Fire Resistant Properties of Building Materials

Large fires breaking out in residential areas and killing several people is not very uncommon. The houses that we live in must be strong enough not only to resist earthquakes or floods but fires also. Most damage caused by fire is during the night time, when people are asleep in their homes.

This is because smoke can lull a person into a deeper sleep. No house can be made truly fireproof, but well-constructed houses, constructed using fire-retarding materials, can resist fire for a longer duration of time, thus providing a greater chance of escape.

Characteristics of Fire Retarding Materials

  • It does not catch fire easily and also transfers heat very slowly.
  • It does not disintegrate under the effect of heat generated due to fire.
  • It does not expand under heat and hence does not introduce additional stresses in the building.
  • It does not lose its strength upon catching fire.

Fire Resisting Characteristics of Some Commonly Used Building Materials in House Construction


Stones are bad conductors of heat. Fine grained sand stones can resist fire moderately. Granites disintegrate under fire. Lime stones crumble easily. Most of the stones tend to disintegrate when cooling after being heated by fire.


Bricks are also poor conductors of heat. They can resist temperatures of up to 1200oC. With good quality mortar used during construction, bricks provide excellent fire resistance. Brick walls can easily resist fires up to 1 to 4 hours.

Fire resistance properties of bricks


Timber catches fire rapidly and also enhances its intensity. Using heavy sections of timber in buildings is very much undesirable. Timber is usually coated with fire resistants like ammonium phosphate, ammonium sulphate, borax, etc. Sometimes coatings of fire resistant paints are also applied on timber to prevent it from catching fire rapidly.


Concrete is an excellent fire resistant. The behaviour of concrete essentially depends upon the quality of cement and aggregates used in it.

For reinforced concrete and pre-stressed concrete, the position of steel reinforcement also plays a significant role. Larger concrete cover over a member provides better fire resistance to it.

Concrete begins to lose its strength beyond temperatures of 250oC. Also, reinforced concrete can sustain temperatures of up to 1000oC for about an hour.


Steel is a very good conductor of heat. It yields at 600oC and melts at 1400oC. It loses its tensile strength under the effect of heat caused due to fire. Steel columns become very unsafe during fires.Steel reinforcement tends to weaken the reinforced concrete structures.

Therefore, steel columns are always protected with brick work or by thick concrete cover. Steel grills and beams are also coated with fire resistant paints.


Glass is again a poor conductor of heat. It expands negligibly upon heating. However, when it cools down after being heated, cracks are formed.

Glass is mostly used in window panes and it needs to resist fire properly because broken windows would allow flames to enter a building easily. As a protection, dual paned glass may be used, since it doubles the time required to break the glass. The outer layer has to break first before the inner layer.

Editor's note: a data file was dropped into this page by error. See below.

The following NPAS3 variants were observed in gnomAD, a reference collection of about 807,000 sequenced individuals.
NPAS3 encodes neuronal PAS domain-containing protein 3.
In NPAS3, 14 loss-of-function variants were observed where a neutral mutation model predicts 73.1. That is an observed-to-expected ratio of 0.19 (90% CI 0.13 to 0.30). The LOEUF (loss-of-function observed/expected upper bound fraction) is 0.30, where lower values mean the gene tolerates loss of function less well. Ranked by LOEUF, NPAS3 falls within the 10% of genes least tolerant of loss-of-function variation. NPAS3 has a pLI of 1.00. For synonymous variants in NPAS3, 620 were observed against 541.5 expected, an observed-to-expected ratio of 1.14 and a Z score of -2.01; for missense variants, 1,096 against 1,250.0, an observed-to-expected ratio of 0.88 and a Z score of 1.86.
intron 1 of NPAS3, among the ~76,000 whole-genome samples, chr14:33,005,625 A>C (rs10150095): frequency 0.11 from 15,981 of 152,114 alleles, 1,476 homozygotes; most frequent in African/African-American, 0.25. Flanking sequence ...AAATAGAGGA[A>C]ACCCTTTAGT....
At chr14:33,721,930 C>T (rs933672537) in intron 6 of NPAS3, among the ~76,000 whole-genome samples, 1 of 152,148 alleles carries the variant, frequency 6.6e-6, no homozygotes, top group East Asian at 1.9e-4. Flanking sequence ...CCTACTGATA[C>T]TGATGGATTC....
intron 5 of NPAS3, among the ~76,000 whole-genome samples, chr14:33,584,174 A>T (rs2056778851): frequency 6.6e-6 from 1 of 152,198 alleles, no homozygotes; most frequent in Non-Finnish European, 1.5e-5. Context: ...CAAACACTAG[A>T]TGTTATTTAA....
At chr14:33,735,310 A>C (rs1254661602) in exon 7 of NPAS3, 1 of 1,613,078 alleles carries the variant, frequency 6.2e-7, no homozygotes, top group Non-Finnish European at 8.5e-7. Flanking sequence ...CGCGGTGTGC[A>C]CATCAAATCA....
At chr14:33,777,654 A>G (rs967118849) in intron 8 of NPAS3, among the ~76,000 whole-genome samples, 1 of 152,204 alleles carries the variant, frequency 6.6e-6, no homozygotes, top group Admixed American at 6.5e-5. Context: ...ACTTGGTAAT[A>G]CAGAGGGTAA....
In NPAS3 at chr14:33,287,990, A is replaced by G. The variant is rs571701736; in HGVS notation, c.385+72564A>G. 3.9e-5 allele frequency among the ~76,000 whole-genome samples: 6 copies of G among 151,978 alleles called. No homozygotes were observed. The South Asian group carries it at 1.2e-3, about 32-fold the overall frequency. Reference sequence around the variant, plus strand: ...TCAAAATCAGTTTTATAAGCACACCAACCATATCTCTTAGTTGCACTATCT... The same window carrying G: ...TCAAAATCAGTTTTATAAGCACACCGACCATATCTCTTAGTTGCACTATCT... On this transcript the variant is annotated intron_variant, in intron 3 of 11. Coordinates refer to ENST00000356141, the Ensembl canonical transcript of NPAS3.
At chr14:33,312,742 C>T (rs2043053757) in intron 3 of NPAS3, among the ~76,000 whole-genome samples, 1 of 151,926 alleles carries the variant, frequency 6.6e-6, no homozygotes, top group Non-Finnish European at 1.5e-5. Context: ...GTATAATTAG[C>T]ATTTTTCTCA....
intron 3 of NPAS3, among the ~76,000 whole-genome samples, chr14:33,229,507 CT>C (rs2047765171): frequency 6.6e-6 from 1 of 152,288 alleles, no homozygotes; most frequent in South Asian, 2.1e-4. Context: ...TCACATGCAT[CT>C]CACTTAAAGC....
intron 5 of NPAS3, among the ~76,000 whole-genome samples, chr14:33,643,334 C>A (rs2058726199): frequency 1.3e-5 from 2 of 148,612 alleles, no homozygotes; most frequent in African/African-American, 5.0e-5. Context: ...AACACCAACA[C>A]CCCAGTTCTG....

Tempered glass, which is heat treated, provide about four times more strength than regular glass. Glass is often reinforced with steel wires to provide the best kind of fire resistance. Even if the glass cracks or breaks, the broken pieces are still in their original positions.


Underlying gypsum sheathing is provided to various structural materials to achieve a better fire resistance. The most commonly used materials for interior finish is gypsum board. Gypsum board or drywall consists of a layer of gypsum squeezed between two sheets of paper. Type X gypsum board is specially treated with various additives to provide even better resistance to fire. The paper on the outer layer of the gypsum board burns slowly thus preventing the fire from spreading. Next, the non-combustible core that contains gypsum (water, chemically combined with calcium sulphate) is affected. Due to fire, the water comes out as steam, impeding the heat transfer through the gypsum board. Finally, the gypsum core still resists fire penetration for a certain duration of time.


Stucco is a kind of plaster that has been used since ages for artistic as well as structural purposes. In modern days, stucco is made out of plaster, sand and lime and it serves as a very good and durable fire resistant finish material for buildings. It is applied in 2 to 3 coats. A one inch thick layer of stucco can easily provide a one hour fire rating to a wall.

Stucco Plastered Wall


Like steel, aluminium is also a good conductor of heat. But it provides better fire resistance than steel.


It is a non-combustible substance. It not only provides very good resistance to fire but also results in waterproofing of buildings. Adding asbestos to mortar mix also increases the tensile strength tremendously. Because of its fire resistant properties, it has found vast application in construction of asbestos bricks which are further used to construct fireplaces and brick ovens.


– Vikram Agarwal